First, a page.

What we do know – possibly – is that one day a fat, bald, sweaty man sat down next to Vanoski in the park and that this man was the devil. Of that Vanoski is (more or less) sure. The devil (if it was, indeed, the devil) shows him some photos. One, in particular, is of one of your future acquaintances. This photo shows Vanoski, apparently some ten years in the future with a strikingly beautiful woman who makes him think of Helen of Troy. The devil tries to play down the significance of the photo, before disappearing. Vanoski has a devoted girlfriend, called Dika (short for Eurydika, i.e Eurydice) who is Greek. She is bookish and tender and most enchanting, as Vanoski describes her. However, he seems determined to find Helen, as he now calls the woman in the photo. Unable to find her among passersby, I ventured into museums, bookstores. I discerned the outlines of her face through the strata of centuries in portraits, in the dust of the Renaissance. On my walls at home, in my student digs, I hung up successive pictures of my elusive Helen’s predecessors: a Botticelli He finds her in various places. He meets various women who, he thinks are her. He talks to them. He initiates an affair with them. He meets her in a Polish cemetery where he was looking at the grave of someone called U. Vanoski. But none of them is Helen. However, this hunt for the elusive Helen does have one advantage. As he looks for her, he writes a novel based on his experiences though, he claims, he will later burn this novel. Eventually, he claims to see her but loses her and she disappears, never to be found again. He then wrote something called The Burning Novel. It was a novel in which the characters didn’t say a word. Finally, he admits he has been writing the same two books all his life.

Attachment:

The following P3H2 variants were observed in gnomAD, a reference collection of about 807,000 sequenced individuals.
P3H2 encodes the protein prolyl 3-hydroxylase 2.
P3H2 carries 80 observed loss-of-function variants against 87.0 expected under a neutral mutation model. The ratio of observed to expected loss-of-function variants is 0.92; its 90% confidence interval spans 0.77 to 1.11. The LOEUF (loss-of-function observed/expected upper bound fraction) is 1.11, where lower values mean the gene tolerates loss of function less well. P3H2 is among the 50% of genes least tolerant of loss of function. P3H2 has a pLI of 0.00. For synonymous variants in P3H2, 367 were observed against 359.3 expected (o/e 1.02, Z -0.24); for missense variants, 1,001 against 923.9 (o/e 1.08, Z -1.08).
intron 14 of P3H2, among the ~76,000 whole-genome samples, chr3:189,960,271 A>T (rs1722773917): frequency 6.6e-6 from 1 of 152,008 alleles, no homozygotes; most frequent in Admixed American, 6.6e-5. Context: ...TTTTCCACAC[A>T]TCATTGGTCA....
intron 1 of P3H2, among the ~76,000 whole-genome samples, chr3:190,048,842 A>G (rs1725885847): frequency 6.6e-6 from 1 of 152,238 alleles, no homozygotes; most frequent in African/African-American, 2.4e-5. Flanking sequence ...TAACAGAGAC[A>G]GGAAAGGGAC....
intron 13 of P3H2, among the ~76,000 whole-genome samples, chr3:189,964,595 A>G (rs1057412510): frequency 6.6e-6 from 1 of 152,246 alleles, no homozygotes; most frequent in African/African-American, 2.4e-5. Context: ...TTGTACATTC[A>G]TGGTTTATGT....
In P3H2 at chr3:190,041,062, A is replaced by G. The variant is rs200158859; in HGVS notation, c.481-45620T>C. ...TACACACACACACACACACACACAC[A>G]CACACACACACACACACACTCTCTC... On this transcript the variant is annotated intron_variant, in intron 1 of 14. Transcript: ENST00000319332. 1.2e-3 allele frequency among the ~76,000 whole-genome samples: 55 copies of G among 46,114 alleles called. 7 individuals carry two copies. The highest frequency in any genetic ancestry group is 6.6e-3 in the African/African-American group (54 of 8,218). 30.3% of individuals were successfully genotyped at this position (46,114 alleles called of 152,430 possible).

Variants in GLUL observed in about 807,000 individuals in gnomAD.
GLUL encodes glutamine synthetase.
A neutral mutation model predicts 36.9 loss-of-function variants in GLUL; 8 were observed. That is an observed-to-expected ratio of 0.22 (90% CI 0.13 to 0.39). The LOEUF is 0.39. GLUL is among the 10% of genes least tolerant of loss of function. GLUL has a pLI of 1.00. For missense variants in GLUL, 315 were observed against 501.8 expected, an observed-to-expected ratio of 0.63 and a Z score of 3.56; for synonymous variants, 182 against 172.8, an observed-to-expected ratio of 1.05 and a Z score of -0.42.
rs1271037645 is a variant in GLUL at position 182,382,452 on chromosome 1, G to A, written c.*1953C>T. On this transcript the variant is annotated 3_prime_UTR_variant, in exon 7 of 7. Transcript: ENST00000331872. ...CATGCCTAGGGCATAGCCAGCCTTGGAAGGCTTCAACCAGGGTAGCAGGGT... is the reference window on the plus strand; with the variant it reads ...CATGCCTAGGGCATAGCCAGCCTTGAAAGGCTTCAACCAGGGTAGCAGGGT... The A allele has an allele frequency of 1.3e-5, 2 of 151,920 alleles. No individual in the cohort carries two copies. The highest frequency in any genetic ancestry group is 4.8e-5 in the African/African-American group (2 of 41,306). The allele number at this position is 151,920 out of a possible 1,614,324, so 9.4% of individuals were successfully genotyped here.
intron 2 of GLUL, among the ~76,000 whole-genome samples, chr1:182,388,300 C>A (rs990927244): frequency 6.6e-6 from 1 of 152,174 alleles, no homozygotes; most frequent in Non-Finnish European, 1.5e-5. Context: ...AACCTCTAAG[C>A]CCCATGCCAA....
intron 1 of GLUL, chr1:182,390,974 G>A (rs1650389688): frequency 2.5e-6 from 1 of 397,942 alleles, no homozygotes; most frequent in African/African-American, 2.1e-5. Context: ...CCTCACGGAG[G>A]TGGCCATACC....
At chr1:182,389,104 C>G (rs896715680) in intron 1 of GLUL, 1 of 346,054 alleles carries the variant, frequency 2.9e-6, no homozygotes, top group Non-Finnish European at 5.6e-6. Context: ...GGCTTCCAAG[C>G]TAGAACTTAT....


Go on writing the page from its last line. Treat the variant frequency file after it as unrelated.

But has he? Because we now get selections of his writings. They are not very good and something of a mishmash. One, for example, seemingly set in some unspecified East Asian country, is about the relationship between a native idiot savant, who claims to come from the Moon, and a conventional Western doctor, while another involves Anton Omolchenko, the only Russian on Scott’s Antarctic Expedition. That there is a lack of plot in the book we are reading as well as well as Vanoski’s books is clear. I just don’t seem to be able to come up with the plot. Perhaps it’s because it’s Russian? Russian—or from Russia? Russia has no plot—only space. (Vanoski is nominally English but of mixed Polish-Dutch-Japanese ancestry (second, third, and fourth generations, respectively), who didn’t know a single one of these languages and had never once travelled to any of these ancestral homelands for any significant length of time and Bitov makes lots of references to the differences between the English and the Russians. He plays a lot of language games, particularly plays on words, with the narrator making comments about how these work or do not work between English and Russian.) Referring to another novel – the number of non-existent novels he refers is well into double figures – he says the plot of how his plot refused to take shape (and that’s what the novel, dispiritingly, was called: The Plot). In short, plot is definitely not what this novel and any of Vanoski’s novels are about.